When I studied Geography in college (Remember, in my past life I made maps!), we talked a lot about “spatial awareness” as it related to understanding how things fit into a bigger picture of “space”. Not in OUTER space, of course, but just in the landscape of a community, of a country, of a planet. And it was during all of those studies that I came to realize that I have no natural spatial awareness…just like I have no natural sense of direction.
I think the two must be related, but I think most of us understand the sense of direction better than spatial awareness. In terms of no sense of direction? I am sitting at the desk of my house in a town I’ve lived in for 14 years and I still couldn’t point what direction the Space and Rocket Center is. When I’m running trails I memorize which trails to turn on and I learn distances on those trails. Some of them I’ve run 100 times. Yet, if you stopped me in the middle of the trail, blindfolded me, spun me around 20 times and then told me to go back to the car? It would be a 50/50 shot whether or not I started in the right direction. Once I got to an intersection I’d be able to pull up my mental map that I had memorized and make a good guess as to where I was, but that initial step? Would be nothing more than a shot in the dark.
I believe this also relates to how I understand size. I have to memorize numbers to give me a reference point for measuring things, my natural ability to understand the size of something is WAY off. For example, when I was in college I knew that my city had a population of about 35,000 people. I knew that Neyland Stadium (in Knoxville, where the VOLS play) held 108,000 people (back then, I’m sure it’s more now) so if you said, “How many cities of Florence, AL could fit into Neyland Stadium?” I’d easily say, “Almost 3!”
But if I did not know those 2 numbers to begin with? I would have said, “Eh…I’d say half of the city of Florence could fit into Neyland Stadium.” Because my only reference would be the size of the city itself, and while logically I knew you could cram people tighter into the stadium, I’d not be able to really grasp how many people that would make.
Donnie – in contrast – would have answered the question right on day one and could always make it back to the car in the woods, even blindfolded.
Once, in college, I gave a presentation about a GPS mapping project at a local park. I was super nervous and memorized all of my methods and data to read off in front of the crowd. But then someone asked a question I wasn’t prepared for: “How big is the park?” SHIT. SHIT. SHIT. I had no idea. I knew about how many miles of trails, but that didn’t give me a point of reference. I knew my Dad’s house was on about half of an acre of land, so I used that reference and tried to imaging how many of my yards could fit in the park.
“8 or 9 acres?”
Turns out? It was 80 acres. I was off by a factor of 10.
I have a really hard time understand how small businesses stay afloat because I have a hard time grasping how a city that FEELS small could harness enough business to profit. If no one I know personally ate at my favorite restaurant today, then how do they stay in business? Because I know a LOT of people.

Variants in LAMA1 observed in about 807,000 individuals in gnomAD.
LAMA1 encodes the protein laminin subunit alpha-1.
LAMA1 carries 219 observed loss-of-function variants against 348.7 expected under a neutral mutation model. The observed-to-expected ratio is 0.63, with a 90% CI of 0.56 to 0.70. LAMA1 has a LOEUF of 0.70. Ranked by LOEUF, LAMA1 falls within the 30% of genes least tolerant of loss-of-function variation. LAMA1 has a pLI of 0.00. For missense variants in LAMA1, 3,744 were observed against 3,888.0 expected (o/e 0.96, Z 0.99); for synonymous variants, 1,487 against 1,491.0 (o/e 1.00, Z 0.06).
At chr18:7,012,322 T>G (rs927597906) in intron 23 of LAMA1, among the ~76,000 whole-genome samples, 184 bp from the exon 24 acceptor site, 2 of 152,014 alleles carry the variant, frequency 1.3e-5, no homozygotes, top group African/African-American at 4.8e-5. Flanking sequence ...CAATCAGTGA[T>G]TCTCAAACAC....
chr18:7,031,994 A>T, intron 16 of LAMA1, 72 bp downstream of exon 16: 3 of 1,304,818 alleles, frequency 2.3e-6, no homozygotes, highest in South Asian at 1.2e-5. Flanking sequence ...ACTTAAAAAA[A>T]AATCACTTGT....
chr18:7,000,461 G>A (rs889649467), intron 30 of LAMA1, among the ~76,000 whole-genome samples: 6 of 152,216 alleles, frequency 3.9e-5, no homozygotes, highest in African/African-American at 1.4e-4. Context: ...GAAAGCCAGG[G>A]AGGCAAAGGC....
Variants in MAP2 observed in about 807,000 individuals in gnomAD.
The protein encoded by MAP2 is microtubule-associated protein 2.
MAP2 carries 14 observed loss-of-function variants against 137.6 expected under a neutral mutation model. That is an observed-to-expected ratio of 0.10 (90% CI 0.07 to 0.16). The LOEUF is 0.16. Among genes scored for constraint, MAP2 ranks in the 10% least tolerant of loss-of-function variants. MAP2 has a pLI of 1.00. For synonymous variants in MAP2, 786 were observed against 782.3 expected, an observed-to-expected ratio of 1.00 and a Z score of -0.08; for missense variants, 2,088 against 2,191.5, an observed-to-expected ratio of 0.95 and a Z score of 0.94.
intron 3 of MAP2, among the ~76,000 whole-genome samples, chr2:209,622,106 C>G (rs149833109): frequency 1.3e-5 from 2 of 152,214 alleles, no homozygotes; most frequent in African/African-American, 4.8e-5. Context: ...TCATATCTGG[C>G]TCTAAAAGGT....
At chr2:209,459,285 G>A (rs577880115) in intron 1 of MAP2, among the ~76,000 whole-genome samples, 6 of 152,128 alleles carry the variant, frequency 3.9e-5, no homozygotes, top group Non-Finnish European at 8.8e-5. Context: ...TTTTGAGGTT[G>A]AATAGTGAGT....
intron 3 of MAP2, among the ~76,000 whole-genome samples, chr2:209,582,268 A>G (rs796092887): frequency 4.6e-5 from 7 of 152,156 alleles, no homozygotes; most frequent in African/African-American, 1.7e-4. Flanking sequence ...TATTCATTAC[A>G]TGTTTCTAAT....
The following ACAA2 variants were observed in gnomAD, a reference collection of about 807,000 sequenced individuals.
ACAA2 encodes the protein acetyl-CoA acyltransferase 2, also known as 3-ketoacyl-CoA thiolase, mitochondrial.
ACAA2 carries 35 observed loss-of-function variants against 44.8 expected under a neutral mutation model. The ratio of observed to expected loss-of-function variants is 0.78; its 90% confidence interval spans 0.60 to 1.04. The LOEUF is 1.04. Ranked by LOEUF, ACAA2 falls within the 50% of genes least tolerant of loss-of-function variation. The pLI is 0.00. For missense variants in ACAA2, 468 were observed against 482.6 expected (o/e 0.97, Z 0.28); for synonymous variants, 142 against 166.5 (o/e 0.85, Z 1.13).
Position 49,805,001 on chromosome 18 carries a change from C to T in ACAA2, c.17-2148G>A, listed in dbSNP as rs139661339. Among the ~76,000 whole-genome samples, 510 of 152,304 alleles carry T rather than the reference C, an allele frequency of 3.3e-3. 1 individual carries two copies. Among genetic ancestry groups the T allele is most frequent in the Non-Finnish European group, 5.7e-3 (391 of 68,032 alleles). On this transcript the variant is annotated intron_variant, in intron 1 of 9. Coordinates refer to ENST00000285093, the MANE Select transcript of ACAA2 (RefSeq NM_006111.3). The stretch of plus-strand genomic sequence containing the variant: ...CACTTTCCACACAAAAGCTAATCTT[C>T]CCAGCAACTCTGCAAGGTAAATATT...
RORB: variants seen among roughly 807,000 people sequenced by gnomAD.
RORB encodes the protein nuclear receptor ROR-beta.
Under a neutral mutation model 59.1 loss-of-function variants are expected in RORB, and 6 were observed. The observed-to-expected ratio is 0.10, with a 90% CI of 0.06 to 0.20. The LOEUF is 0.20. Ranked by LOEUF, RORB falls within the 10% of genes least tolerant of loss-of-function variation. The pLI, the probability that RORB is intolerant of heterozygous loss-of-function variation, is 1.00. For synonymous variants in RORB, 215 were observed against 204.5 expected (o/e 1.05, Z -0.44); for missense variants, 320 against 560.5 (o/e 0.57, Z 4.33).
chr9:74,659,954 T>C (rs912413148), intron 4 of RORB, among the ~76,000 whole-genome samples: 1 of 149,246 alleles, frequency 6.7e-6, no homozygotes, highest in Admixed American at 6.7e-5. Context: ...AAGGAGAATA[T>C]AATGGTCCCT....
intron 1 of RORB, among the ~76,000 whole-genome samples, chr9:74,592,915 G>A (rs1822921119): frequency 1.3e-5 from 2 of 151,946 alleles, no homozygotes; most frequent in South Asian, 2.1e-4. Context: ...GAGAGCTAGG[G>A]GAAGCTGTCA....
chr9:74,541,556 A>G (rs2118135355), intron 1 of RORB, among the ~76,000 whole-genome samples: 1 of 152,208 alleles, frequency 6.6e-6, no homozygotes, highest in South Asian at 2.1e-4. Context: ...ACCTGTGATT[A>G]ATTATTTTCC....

I think it’s the same as how people are born with a strong sense of empathy, or how they’re bad at math. (Interestingly, I’m good a math. Just like I was good at reading/understanding maps. I think some traits I developed to balance out a natural lack of others traits.) And I really believe this concept of “spatial awareness” is related to “sense of direction” but it just doesn’t come up as much. But here’s a good test:
How many people do you think live in NYC as it relates to Alabama? I’ve learned that my natural tendency is to grossly underestimate these type of things so I probably would have guessed they were equal if I didn’t know the numbers. But you know what? There are TWICE as many people in NYC as in the entire state of Alabama. WHICH BLOWS MY DAMN MIND.
My husband? He’s all, Eh. I’d say double and entirely would be entirely unfazed. He gets it right AND is not impressed at all. Whereas I’m blown away because my ability to understand size in that kind of situation is completely off.
I’ve gotten a lot better with local distances, because I run in this town. I know my house is about 4.5 miles from Target because I’ve run that stretch before. I know two of our marathon courses locally and 2 half marathon courses, so there are several numbers and references I can use when I’m guessing distance between things around town.
BUT. If you asked me about Knoxville, a city I grew up in but never ran in and only drove in for two years before I moved? I’d be screwed. I think it was about 20 miles from my Dad’s house to my Mom’s old house when I lived there. And keep in mind – I’ve learned that my initial instinct is always too little, so I adjust. Part of me says 20 miles is NOT ENOUGH.
I just looked it up? 15 miles. And I drove that distance a million times when I lived there. And I was still like 25% off.
SO! Where do you fall? Do you have a good understanding of size? Distance? Direction? I used to think Chattanooga was SO much bigger than Huntsville because the downtown is so much bigger. But – in terms of the population in the city limits? Huntsville is actually BIGGER. (Huntsville: Approx 180K, Chattanooga Approx 175K.) Now, Metro populations are different and Chattanooga is about 528K Metro and Huntsville is like 440K Metro, but still…THAT IS WAY CLOSER THAN I WOULD HAVE THOUGHT.
How about you? Think about cities you know or acreage of parks you’ve been too and try to calculate those numbers. How close are you? Do you know how many people are in the US? How about the UK? How about on the whole planet? The only reason why I know these things is because I’ve memorized them to give me a point of reference so as to try not to humiliate myself when I’m guessing things in the future.